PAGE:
May 27, 2022

#08-212: The Prince and the Pauper

"Let him in!"

Note: Less well-known than Twain's other works--but still popular--this simple "switching places" story becomes a vehicle for Twain to examine ideas of social justice.

Get Ready: Have you ever met someone who looks almost exactly like you? Do you think such a person is out there?

Everyone knows Tom Sawyer and Huckleberry Finn. But do you know Tom Canty? He is the protagonist of another of Mark Twain's novels, The Prince and the Pauper.

Tom is a poor boy who lives in London in 1547, the year Henry the Eighth died and his son Edward became king. Loitering near the palace gates one day, Tom meets Edward (before his father's death, when he is still a prince) and they notice how much they resemble each other.

Edward invites Tom into his quarters and they both enjoy learning about each other's very different lives. They are surprised to learn they were even born on the same day!

For fun, they decide to exchange clothes and switch places "temporarily." When Edward leaves his quarters in Tom's clothes, though, the guards see him and kick him out of the palace. He finds his way to Tom's house, where he must deal with Tom's alcoholic father. He escapes the abusive man, and meets a soldier who, although he doesn't believe Edward's claim to be the Prince, decides to protect him. They soon hear that Henry has died and Edward is now to be King.

Tom, meanwhile, finds it difficult to behave appropriately at court. The people around him think he must be ill, but when he shows good common sense in judging cases, they decide he is all right after all.

Edward has become increasingly aware of the unfair treatment of the poor in his kingdom. (Mark Twain's works are often focused on social justice.) He is especially concerned with how people are treated by the courts. When a gang of thieves hears Edward say that as king he will ensure that people are treated better, they think he is insane and hold a mock coronation, to great comic effect.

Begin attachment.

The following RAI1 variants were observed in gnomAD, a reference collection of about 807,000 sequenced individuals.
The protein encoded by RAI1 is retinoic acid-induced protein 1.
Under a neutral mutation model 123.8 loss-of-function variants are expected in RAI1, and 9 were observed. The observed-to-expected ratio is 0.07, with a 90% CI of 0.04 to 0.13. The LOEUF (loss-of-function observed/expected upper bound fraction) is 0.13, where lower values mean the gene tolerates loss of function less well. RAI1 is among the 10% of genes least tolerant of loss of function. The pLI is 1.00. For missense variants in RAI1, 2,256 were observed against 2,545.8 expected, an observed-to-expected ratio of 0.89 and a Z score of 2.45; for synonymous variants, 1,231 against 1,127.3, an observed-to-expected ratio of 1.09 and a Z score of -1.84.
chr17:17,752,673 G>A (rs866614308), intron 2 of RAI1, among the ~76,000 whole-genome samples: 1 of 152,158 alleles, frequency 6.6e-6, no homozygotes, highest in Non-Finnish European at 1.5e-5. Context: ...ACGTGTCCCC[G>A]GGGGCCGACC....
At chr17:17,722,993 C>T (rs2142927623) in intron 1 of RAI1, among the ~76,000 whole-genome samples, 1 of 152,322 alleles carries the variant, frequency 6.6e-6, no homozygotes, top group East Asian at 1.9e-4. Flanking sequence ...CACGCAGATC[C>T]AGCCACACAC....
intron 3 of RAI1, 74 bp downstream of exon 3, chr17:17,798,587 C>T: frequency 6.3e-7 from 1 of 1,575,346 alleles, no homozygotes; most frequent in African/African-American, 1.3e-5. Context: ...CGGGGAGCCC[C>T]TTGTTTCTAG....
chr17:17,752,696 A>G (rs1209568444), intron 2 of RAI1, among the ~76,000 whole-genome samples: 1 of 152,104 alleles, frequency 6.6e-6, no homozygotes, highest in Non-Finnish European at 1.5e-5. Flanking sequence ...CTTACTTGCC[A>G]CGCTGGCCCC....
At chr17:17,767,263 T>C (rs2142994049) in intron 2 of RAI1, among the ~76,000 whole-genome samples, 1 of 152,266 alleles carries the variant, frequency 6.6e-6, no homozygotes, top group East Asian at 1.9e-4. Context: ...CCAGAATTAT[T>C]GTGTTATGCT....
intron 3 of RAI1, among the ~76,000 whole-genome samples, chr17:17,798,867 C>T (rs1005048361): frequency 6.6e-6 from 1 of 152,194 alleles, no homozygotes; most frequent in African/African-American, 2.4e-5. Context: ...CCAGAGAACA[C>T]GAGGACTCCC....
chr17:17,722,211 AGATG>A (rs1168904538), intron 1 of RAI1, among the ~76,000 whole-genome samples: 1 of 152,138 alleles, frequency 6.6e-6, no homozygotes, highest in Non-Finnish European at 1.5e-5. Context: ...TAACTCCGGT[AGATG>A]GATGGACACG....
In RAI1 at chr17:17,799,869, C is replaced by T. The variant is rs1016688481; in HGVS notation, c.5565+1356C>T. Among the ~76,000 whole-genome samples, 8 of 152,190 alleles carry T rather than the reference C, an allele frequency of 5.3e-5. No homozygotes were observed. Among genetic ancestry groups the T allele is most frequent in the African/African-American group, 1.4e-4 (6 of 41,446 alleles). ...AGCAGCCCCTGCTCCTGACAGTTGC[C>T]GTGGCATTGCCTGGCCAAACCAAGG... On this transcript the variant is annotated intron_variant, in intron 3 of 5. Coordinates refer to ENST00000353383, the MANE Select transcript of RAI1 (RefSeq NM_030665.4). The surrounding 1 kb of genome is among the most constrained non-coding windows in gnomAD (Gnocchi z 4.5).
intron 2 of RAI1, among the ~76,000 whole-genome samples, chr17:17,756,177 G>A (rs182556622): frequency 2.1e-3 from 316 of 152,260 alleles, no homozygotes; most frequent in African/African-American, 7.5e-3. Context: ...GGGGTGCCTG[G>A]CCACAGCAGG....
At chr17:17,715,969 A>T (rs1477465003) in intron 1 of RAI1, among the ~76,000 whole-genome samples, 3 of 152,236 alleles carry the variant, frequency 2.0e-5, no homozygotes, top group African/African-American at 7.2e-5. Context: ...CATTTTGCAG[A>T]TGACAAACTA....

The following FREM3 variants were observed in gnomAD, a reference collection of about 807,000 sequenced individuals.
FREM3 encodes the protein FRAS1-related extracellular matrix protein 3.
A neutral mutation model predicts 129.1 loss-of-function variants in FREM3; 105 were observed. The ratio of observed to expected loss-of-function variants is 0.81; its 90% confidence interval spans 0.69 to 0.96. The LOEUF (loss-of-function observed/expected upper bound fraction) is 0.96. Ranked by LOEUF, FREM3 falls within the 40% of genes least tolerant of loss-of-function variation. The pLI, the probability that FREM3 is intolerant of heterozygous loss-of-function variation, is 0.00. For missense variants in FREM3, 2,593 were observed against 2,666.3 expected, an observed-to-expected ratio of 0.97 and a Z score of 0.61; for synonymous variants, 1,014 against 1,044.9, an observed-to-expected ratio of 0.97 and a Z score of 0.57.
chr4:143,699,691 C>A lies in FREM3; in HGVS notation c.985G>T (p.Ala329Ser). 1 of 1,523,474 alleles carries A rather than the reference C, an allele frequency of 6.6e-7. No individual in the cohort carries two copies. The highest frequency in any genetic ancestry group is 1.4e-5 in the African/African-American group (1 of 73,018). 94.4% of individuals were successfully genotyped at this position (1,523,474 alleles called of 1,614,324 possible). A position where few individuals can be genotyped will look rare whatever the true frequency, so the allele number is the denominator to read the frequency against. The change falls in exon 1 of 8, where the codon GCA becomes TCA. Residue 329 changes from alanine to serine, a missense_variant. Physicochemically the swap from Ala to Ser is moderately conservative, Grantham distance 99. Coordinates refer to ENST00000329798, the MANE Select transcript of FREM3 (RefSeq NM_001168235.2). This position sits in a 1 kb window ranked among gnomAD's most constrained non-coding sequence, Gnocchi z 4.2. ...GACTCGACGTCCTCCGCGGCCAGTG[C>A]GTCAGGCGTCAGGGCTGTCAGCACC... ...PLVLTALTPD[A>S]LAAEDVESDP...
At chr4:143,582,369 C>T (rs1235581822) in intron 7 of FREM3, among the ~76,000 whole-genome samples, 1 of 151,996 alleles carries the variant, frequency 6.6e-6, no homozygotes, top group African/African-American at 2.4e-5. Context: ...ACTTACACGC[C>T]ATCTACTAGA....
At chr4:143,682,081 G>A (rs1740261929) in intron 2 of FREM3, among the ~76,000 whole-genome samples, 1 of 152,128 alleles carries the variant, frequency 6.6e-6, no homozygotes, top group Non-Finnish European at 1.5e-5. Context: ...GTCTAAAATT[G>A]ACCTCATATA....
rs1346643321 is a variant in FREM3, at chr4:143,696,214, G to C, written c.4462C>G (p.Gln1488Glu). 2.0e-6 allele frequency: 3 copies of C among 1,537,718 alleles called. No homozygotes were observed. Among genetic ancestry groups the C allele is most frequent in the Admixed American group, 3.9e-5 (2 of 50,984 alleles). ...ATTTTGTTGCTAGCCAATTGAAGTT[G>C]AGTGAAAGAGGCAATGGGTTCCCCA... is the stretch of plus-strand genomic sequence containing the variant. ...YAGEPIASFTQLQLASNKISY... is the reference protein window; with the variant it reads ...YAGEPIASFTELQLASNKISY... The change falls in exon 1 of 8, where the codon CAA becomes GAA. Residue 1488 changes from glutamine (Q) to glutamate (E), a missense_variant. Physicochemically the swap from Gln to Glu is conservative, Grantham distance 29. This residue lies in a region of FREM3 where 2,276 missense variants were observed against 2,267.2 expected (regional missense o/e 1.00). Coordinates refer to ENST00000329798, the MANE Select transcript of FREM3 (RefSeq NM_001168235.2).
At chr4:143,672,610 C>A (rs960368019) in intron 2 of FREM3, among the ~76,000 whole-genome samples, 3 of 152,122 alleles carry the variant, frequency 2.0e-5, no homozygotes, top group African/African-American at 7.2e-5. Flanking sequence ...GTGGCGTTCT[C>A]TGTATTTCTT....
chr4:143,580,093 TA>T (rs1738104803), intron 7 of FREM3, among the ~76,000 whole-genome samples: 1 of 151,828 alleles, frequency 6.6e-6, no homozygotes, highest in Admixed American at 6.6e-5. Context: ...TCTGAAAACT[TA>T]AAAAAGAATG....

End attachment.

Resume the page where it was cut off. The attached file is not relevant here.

After spending some time in prison himself, Edward returns to the palace to stop Tom from being made king. The nobles will not believe that Edward is really the prince, until he produces an object he had hidden before he left the palace: the Great Seal of England, which the king uses to certify documents.

In the end, Edward is crowned king, and Tom becomes the "King's Ward"; Edward ensures that Tom, his mother, and his sisters are well taken care of, but--in the story as in history--Edward dies at age 15.


Practice: Match the term to its definition below:

  1. abusive
  2. coronation
  3. loitering
  4. pauper
  5. protagonist
  6. quarters
  7. resemble
  8. seal
  9. temporarily
  10. ward

  1. look (almost) the same as
  2. a child taken care of someone other than his parents
  3. the main character of a story
  4. a ceremony for crowning a king or queen
  5. rooms where someone lives
  6. a poor person
  7. for a short time
  8. treating someone badly, especially physically
  9. hanging around
  10. a stamp used on hot wax

Answers are in the first comment below.

Submitted to the Shenzhen Daily for May 27, 2022

1 comment:

  1. Answers to the Practice: 1. h; 2. d; 3. i; 4. f; 5. c; 6. e; 7. a; 8. j; 9. g; 10. b